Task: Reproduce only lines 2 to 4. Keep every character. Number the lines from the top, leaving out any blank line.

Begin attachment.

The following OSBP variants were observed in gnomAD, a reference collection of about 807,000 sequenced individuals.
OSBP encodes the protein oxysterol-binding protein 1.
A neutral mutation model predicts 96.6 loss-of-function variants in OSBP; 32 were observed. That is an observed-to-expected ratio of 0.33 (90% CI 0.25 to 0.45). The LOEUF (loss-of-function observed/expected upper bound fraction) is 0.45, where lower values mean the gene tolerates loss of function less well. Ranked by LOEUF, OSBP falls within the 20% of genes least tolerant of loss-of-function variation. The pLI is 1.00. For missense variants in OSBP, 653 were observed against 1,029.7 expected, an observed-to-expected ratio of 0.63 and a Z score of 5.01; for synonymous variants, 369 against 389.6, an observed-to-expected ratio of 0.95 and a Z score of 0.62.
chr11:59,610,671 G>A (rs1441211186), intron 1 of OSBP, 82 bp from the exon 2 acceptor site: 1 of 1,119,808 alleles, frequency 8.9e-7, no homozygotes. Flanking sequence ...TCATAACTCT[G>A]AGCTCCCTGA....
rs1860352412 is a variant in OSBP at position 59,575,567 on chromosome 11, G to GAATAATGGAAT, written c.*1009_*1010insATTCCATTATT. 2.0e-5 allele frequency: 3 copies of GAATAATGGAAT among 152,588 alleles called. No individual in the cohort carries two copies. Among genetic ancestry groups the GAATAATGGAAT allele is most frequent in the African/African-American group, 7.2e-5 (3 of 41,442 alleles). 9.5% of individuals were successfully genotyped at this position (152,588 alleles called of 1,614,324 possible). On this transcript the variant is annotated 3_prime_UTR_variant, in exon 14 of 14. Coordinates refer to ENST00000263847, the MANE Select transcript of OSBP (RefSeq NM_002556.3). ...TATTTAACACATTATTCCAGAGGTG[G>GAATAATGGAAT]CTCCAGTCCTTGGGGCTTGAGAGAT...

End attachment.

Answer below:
OSBP encodes the protein oxysterol-binding protein 1.
A neutral mutation model predicts 96.6 loss-of-function variants in OSBP; 32 were observed. That is an observed-to-expected ratio of 0.33 (90% CI 0.25 to 0.45). The LOEUF (loss-of-function observed/expected upper bound fraction) is 0.45, where lower values mean the gene tolerates loss of function less well. Ranked by LOEUF, OSBP falls within the 20% of genes least tolerant of loss-of-function variation. The pLI is 1.00. For missense variants in OSBP, 653 were observed against 1,029.7 expected, an observed-to-expected ratio of 0.63 and a Z score of 5.01; for synonymous variants, 369 against 389.6, an observed-to-expected ratio of 0.95 and a Z score of 0.62.
chr11:59,610,671 G>A (rs1441211186), intron 1 of OSBP, 82 bp from the exon 2 acceptor site: 1 of 1,119,808 alleles, frequency 8.9e-7, no homozygotes. Flanking sequence ...TCATAACTCT[G>A]AGCTCCCTGA....